Books Featured This Week
Synopsis: An irritating best friend gained during a childhood spent in a Catholic orphanage, a father who became a Communist and went to Russia in the 1930s, and 3:00 a.m. visits to The Pancake House. Such is the life of Lyla Hopewell. But in the summer of 2005, when her old boyfriend Bill has a heart attack, her best friend Bel really gets on her nerves, and Finn Fest comes to Marquette, things will change for Lyla. Joined by a cast of Marquette’s most eccentric and endearing characters—the foul-mouthed fourteen-year-old Josie; ninety-three-year-old Eleanor, still trying to fix her little brother’s love life; ex-boyfriend and blunt womanizer, Bill; blind Mary Mitchell and her ornery sister Florence; the sweet but romantically confused cabdriver Sybil; and many, many more—Lyla recounts her life-story as she comes to terms with her past. After years of feeling unloved, neglected, frustrated, and unfulfilled, can Lyla finally find her own best place?
Tyler R. Tichelaar, 7th generation Marquette resident, spent thousands of hours researching and writing The Marquette Trilogy: "Iron Pioneers," "The Queen City," and "Superior Heritage." He followed that popular series with three more Marquette-based novels: "Narrow Lives" (winner of the Reader Views Literary Awards for best Historical Fiction), "The Only Thing That Lasts," and "Spirit of the North: a paranormal romance." His popular Marquette novels led to requests to write a history of Marquette, Michigan which he did with "My Marquette: Explore the Queen City of the North, Its History, People, and Places." The popularity of that book in turn led to the short book "Creating a Local History Book" about how he did his research and compiled "My Marquette."
Branching out into scholarly works, Tyler has published "King Arthur's Children: A Study in Fiction and Tradition" and "The Gothic Wanderer: From Transgression to Redemption, Gothic Literature 1794-Present."
View author's website
Read interview with Tyler
Synopsis: Is there something beyond faith, beyond religion, something we don't see because we are so busy with our lives having and getting things that maybe we don't even need? And is it given to only a few gifted souls in our lifetime who through their Art bring us face to face with a Simplicity which we find difficult to comprehend? Rather than delve into this enigma seeking answers Daniel Kossov - Pictures of an Outstanding Musician Part 2: A Violin From Jerusalem challenges the reader to put aside preconceived notions, to look at the 'pictures' in the life of this extraordinary person, and seeing things as they are. draw their own conclusions.
Rosemary Ellen Tingley: I was born and bred in Perth, Western Australia. I lived in Floreat Park with my parents and 3 younger brothers. My father died when I was 12.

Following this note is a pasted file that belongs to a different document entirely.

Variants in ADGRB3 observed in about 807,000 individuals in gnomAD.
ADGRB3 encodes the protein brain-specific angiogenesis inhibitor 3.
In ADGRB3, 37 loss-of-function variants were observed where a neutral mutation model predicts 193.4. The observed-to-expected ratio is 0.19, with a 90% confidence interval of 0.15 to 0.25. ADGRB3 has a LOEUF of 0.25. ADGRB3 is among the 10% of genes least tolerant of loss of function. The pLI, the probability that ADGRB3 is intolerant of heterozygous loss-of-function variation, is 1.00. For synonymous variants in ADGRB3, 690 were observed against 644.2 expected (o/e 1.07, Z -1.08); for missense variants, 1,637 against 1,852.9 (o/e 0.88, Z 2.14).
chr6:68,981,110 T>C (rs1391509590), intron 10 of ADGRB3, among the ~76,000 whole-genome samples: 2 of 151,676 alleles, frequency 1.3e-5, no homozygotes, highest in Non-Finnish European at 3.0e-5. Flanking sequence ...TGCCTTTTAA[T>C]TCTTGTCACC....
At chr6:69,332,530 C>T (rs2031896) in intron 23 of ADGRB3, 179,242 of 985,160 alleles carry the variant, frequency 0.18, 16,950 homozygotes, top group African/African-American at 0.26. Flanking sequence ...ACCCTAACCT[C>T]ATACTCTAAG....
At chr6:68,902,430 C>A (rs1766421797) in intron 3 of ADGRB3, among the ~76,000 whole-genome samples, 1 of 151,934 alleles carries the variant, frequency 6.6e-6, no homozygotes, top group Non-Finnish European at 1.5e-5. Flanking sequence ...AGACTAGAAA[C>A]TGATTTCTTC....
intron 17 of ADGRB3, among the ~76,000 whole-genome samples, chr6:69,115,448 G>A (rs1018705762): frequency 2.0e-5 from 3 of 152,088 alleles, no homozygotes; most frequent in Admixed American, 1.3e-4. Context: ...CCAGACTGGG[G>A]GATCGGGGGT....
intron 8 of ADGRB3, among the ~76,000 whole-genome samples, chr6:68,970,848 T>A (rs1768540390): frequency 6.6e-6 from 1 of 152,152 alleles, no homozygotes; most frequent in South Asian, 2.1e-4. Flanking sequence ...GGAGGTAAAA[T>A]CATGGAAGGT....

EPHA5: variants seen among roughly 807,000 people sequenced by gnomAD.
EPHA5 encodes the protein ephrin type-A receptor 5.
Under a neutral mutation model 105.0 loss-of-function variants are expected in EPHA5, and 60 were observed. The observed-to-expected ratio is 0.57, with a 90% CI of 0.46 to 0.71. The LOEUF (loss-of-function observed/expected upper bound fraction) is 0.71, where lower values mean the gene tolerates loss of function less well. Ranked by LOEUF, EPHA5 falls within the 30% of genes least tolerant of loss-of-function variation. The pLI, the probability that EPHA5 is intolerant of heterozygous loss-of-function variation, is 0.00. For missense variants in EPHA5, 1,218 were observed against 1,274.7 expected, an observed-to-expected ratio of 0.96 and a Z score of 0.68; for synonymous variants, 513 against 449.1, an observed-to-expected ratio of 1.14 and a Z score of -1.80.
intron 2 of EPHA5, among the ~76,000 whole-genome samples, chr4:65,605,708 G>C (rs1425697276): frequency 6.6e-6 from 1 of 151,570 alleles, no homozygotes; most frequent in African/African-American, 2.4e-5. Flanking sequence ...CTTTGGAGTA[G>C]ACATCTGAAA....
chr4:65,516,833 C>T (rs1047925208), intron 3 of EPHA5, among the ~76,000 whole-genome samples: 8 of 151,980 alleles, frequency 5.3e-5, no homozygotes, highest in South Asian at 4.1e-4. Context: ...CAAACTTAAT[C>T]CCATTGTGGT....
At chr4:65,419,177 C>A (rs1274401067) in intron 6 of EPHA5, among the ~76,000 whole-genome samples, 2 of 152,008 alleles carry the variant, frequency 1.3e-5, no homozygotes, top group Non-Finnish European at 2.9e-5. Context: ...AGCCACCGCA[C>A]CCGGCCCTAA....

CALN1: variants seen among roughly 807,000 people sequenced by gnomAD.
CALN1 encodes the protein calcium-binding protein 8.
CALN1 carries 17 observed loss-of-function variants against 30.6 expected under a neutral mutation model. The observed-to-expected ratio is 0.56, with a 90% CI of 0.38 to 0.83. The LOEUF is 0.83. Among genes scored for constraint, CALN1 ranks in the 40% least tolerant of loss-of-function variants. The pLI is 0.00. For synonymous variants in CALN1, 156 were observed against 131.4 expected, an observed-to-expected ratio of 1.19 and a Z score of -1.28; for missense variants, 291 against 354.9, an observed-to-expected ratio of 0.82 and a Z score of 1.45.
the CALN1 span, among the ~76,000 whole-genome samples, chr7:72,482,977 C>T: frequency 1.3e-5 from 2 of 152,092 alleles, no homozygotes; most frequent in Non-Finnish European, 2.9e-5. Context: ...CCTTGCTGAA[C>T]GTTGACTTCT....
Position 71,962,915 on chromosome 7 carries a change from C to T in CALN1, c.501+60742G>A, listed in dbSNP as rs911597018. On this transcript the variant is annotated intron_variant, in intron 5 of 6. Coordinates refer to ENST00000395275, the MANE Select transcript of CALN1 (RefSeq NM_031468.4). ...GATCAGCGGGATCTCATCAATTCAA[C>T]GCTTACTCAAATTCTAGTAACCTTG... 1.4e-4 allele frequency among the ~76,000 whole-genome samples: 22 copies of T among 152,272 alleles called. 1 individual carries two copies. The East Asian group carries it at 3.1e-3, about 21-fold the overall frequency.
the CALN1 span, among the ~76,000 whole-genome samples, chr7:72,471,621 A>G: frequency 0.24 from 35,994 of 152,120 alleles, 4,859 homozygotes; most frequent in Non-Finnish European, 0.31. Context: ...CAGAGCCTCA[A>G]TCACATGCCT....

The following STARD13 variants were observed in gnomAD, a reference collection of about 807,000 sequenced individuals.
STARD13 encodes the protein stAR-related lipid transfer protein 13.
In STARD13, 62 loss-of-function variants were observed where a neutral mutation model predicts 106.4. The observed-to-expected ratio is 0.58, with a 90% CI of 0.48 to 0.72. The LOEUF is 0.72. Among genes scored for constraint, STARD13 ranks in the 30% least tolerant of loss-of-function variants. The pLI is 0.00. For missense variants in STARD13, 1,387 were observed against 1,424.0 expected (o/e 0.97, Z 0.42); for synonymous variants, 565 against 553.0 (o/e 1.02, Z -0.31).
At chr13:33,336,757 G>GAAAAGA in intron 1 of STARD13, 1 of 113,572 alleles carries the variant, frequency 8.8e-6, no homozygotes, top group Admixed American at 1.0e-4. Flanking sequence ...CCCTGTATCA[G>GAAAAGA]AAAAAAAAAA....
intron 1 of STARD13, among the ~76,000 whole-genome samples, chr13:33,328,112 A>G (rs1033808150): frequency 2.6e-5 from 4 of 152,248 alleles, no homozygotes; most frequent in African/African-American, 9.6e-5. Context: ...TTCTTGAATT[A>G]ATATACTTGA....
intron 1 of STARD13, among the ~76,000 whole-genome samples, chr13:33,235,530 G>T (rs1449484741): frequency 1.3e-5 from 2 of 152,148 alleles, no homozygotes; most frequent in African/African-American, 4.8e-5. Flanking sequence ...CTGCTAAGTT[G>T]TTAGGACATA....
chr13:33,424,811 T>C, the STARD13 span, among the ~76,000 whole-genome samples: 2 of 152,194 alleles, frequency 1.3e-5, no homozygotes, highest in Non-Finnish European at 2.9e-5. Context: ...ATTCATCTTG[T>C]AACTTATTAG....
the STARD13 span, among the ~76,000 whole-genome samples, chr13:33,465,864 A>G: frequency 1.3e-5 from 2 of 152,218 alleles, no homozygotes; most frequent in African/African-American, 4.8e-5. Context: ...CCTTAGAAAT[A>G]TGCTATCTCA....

I married in 1968 and have 3 children who live in different parts of Australia with their families
In 2005 I finally completed the Diploma of Accreditation in piano teaching and now divide my working life between my Cartography at Landgate and teaching the piano at my home studio in Booragoon.
Inside Scoop Live Featured Author
Jackie Townsend, a native of Southern California, spends a lot of her time in places not her own. As the youngest of four children, she carries with her a strong sense of family to these places, often foreign, and writes about belonging (or not belonging), loss, and love. Townsend received her MBA from U.C. Berkeley and spent eight years on the fast track to becoming a partner with a financial services consulting company before burning out. She then rode the dot.com boom all the way up and then all the way down. After coming to terms with what is important in life (being married to an Italian didn't hurt), she began writing and hasn’t stopped since. She just released her second novel, Imperfect Pairings, an exploration of these themes.
Synopsis: Smart, career driven Jamie had not intended to fall in love. And to a foreigner no less, an Italian who doesn't reveal his heritage at first. Jack is short for John, he tells her, but she soon discovers that John is short for Giovanni. Insanely handsome and intense but unreadable, Giovanni is a man of few words. When after two months together she accompanies him to his cousin's wedding in Italy, Jamie learns that he hasn't been back to the troubled family estate in ten years, but with one step upon the rich Italian soil covered in ancient vines, it's as if he never left. Suddenly his language is no longer her language, and Jamie is drawn inexplicably into an Italy that outsiders rarely see--a crumbling villa, an old family scandal, a tragic mother, an estranged father, and a host of spirited Italian cousins. Jack is finally forced to face the destiny he's been renouncing; and Jamie makes a rash decision, unaware that it will change her life forever.
Topics of conversation:
- Real life versus fiction
- Myths and Truths about The Italian Stallion
- Dealing with cultural shock
- What Americans should know before meeting the Italian family of their significant other
- Why "Imperfect Pairings" is no Eat, Pray, Love...